- Associated Press - Monday, June 8, 2015

MANNS HARBOR, N.C. (AP) - A ferry designed to take school children from Corolla across Currituck Sound is about to become scrap metal without ever carrying anyone to class.

The Virginian-Pilot of Norfolk reports (http://bit.ly/1Kl4s4c) a number of troubles doomed the ferry early on, and the N.C. Department of Transportation is now trying to figure out what to do with it.

Attempts to sell it on eBay or as government surplus failed. No one would offer anywhere near its original cost of $277,000.

“I did not create this problem, but I have to solve the problem,” said Ed Goodwin, director of the state Ferry Division. “Something is better than nothing.”

Goodwin is considering offers from scrap-metal dealers. He said they’ve ranged in the past from $100 to $4,000, but declined to detail the more recent bids. The boat will need work after sitting so long, he said. Another state agency made use of the ferry’s two large outboard engines worth about $40,000.

The boat was built for the state in 2004. Advocates claimed it would save schoolchildren about an hour of travel by bus down N.C. 12, across the Wright Memorial Bridge, and back up U.S. 158 to mainland schools.

Instead, ferry officials were caught illegally cutting a channel where the boat might launch. A new dock was planned, but never built.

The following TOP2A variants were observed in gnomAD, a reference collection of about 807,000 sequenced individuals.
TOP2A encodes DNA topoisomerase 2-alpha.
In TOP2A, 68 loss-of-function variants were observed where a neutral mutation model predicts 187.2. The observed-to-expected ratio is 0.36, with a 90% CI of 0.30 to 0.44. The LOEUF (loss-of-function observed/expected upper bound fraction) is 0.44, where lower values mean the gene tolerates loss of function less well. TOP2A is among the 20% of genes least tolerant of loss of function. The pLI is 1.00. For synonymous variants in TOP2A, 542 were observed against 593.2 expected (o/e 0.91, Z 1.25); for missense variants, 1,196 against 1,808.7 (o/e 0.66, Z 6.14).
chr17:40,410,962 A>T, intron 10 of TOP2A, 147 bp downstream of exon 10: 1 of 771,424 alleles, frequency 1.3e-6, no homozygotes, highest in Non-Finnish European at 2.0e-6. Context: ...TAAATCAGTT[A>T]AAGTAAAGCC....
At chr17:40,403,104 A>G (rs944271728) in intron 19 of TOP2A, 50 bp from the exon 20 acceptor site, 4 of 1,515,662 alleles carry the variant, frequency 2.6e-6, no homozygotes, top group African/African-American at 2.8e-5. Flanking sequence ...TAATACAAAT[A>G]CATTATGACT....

The U.S. Coast Guard later deemed the ferry unsuitable for the sound, and seaworthy enough only for protected waters such as a river of no more than a mile wide. Currituck Sound is 5 to 6 miles wide and open to high winds and waves. The ferry also would need at least 18 inches of water to operate. Parts of the sound can drop to less than a foot when winds blow the tide out.

Further undermining the plan was the number of schoolchildren riding the ferry. There were about 20 at first, but by the fall of 2005, there was one.

Plans for a Currituck Sound bridge put the finishing touches on any argument for the ferry, and it was parked.at a dock near the Ferry Division shipyard in Manns Harbor, where it sits now.

“Before the summer is over, it will be gone,” Goodwin said.

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Information from: The Virginian-Pilot, http://pilotonline.com

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